What is the significance of K_M?
- K_M is a measure of the affinity of the enzyme for the substrate.
- The lower K_M, ther higher the affinity.
What is the significance of K_CAT?
The greater the value of K_CAT, the greater the efficiency of the enzyme.
What are activators?
Molecules that promote enzyme activity.
What are inhibitors?
Molecules that inhibit enzyme activity.
What are the kinematic effects of competitive inhibitors?
Increases K_M but keeps V_Max constant
What is the theory for competitive inhibition?
- Transition state mimic binds to active site of enzyme with higher affinity than substrate.
- Competitive inhibitors of enzymes used as drugs are designed to mimic transition state.
What are non-competitive inhibitors?
- Molecules that bind to a site on the enzyme away from the active site.
- Alters the 3D shape of the enzyme and arrangement of catalytic residues to decrease the catalytic activity of the enzyme.
- Only binds to ES complex so has no effect on K_M.
What are the kinematic effects of non-competitive inhibitors?
Decreases V_Max but keeps K_M constant
What are irreversible inhibitors?
Molecules that bind to the active site and form covalent bonds with the enzyme in initial reaction (completion inhibited), permanently inhibiting the enzyme.
What enzyme does penicillin inhibit?
- Glycopeptide transpeptidase
- Crosslinks pepidoglycan chains in bacterial cell wall
- Penicillin is suicide inhibitor
How can phosphorylation be used to control enzyme activity?
- Active site: Phosphorylation of active site blocks substrate binding
- Conformational change: Phosphorylation at allosteric site causes conformational change at active site that activates/inhibits enzyme
How do zymogens control rates of reaction?
- Cleavage of a part of the enzyme causes conformational change in the active site that activates the enzyme.
- This change is irreversible.
What are the different forms of enzyme control?
2. Covalent (e.g. phosphorylation)
3. Substrate level
What is allostery?
- The ability for an enzyme to undergo conformational changes that alter its activity.
- This can be in response to substrate binding (cooperativity) or allosteric regulator.
Why does glucokinase display cooperativity?
1. Binding of glucose causes shift of glucokinase from super-open to open state. This is a slow process.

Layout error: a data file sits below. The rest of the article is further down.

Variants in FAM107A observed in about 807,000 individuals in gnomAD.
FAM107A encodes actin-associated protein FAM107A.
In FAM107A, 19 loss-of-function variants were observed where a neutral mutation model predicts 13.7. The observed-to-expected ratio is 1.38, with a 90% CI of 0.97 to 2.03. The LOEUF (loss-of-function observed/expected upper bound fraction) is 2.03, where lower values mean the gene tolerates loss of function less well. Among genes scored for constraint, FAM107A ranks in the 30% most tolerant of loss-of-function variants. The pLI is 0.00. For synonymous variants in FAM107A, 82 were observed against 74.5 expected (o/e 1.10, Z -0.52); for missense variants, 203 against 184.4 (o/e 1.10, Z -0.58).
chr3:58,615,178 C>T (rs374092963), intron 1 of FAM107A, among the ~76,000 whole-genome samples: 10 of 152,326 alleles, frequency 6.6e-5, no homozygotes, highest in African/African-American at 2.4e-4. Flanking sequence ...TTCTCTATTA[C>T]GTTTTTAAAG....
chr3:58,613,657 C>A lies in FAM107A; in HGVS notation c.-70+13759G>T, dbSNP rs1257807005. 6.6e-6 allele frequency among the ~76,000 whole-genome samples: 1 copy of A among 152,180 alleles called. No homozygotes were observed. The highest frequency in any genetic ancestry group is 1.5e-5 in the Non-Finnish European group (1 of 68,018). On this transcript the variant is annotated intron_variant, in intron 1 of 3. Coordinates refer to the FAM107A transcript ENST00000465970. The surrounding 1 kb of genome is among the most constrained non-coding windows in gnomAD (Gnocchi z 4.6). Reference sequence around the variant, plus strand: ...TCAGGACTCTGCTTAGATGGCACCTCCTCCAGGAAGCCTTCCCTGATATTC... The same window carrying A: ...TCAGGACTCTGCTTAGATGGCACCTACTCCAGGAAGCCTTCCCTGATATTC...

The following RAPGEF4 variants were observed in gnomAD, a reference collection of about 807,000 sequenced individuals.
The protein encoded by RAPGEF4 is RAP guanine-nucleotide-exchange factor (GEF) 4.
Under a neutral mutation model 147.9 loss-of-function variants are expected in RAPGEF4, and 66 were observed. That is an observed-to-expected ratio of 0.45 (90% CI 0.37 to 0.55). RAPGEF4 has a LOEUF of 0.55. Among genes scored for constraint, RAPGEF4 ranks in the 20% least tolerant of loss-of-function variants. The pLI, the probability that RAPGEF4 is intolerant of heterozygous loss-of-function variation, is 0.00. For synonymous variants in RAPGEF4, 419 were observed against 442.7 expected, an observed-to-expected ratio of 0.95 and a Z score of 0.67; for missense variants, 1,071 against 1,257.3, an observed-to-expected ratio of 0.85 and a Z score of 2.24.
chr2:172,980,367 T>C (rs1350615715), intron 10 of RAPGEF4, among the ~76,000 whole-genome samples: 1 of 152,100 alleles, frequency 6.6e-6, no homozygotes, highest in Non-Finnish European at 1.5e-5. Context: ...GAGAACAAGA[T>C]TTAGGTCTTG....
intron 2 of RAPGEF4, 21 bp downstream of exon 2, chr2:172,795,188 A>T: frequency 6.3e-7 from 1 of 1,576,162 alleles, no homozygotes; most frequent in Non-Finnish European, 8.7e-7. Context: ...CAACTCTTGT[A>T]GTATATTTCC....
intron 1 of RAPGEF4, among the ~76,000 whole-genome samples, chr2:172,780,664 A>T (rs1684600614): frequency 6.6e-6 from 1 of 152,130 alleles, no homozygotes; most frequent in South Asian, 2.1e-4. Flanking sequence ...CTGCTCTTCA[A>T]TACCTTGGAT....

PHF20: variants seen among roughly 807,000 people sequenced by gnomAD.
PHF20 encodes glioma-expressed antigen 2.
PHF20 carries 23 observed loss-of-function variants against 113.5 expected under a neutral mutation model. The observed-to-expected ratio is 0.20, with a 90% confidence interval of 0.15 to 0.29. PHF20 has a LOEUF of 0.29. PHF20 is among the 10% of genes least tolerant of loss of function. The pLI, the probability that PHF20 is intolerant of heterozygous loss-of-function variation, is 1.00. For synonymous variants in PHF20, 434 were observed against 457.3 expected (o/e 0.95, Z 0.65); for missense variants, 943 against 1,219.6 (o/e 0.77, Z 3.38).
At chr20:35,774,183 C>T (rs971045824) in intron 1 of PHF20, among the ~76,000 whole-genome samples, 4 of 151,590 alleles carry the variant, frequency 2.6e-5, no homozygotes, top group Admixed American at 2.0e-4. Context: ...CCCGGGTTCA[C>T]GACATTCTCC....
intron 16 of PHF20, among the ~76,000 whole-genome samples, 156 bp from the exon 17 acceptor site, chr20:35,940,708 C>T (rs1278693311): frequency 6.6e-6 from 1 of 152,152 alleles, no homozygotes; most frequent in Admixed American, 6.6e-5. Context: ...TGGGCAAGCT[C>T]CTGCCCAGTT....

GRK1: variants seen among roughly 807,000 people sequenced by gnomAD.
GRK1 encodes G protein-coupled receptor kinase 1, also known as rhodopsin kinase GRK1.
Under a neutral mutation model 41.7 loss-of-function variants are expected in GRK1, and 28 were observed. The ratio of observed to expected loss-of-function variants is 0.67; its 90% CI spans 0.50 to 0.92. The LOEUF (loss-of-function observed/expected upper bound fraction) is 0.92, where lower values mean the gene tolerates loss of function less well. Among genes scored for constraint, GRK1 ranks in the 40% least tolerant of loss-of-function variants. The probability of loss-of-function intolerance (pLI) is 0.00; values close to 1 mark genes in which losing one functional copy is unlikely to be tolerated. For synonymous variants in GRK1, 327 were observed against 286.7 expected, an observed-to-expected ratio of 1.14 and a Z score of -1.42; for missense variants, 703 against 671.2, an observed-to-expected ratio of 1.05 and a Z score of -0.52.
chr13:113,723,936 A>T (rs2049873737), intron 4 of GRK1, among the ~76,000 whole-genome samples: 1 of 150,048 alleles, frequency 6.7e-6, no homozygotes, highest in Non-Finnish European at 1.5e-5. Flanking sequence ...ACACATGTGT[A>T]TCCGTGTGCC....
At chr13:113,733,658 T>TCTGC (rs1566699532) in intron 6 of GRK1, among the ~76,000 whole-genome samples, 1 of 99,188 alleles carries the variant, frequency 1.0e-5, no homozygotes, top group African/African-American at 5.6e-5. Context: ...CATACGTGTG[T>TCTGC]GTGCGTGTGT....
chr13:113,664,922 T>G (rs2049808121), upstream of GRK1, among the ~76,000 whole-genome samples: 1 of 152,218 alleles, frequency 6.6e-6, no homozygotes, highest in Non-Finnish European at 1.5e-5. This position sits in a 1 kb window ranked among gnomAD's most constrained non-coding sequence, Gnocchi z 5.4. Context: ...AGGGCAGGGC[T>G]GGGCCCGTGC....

2. Binding of ATP to the open state causes transition to closed state and the reaction to takes place. This is a quick process.
3. Once the reaction has taken place, the products are released from the active site.
4. In the presence of high [glucose], glucose quickly binds to the enzyme and open state formed again. This is able to quickly take part in reactions once ATP binds.
5. In the presence of low [glucose], enzyme returns to super-open state and slow transition to open state is required again before enzyme can catalyse reaction.
What is the clinical significance of glucokinase?
- Mutations in glucokinase are associated with neonatal diabetes and MODY(Maturity Onset Diabetes of the Young).
- Artificial allosteric regulators can be used to activate glucokinase.
What is homotrophic allostery?
- Binding of substrate increases affinity of enzyme for substrate.
- Enzyme has sigmoidal kinetics curve.
What is heterotropic allostery?
- Binding of activator to allosteric site on enzyme stabilises structure of enzyme and locks it in high affinity state. Curve becomes hyperbolic.
- Binding of inhibitor disrupts the structure of enzyme and locks it in low affinity state.
What is an example of enzyme regulation by allostery?
- Cooperativity for fructose-6-phosphate
- Has allosteric site for ATP which is inhibitor
What is an example of enzyme regulation by phosphorylation?
- Glycogen phosphorylase
- Cooperative enzyme
- Allosteric inhibition by ATP and glucose-6-phosphate
- Phosphorylation by phosphorylase kinase in response to cAMP pathway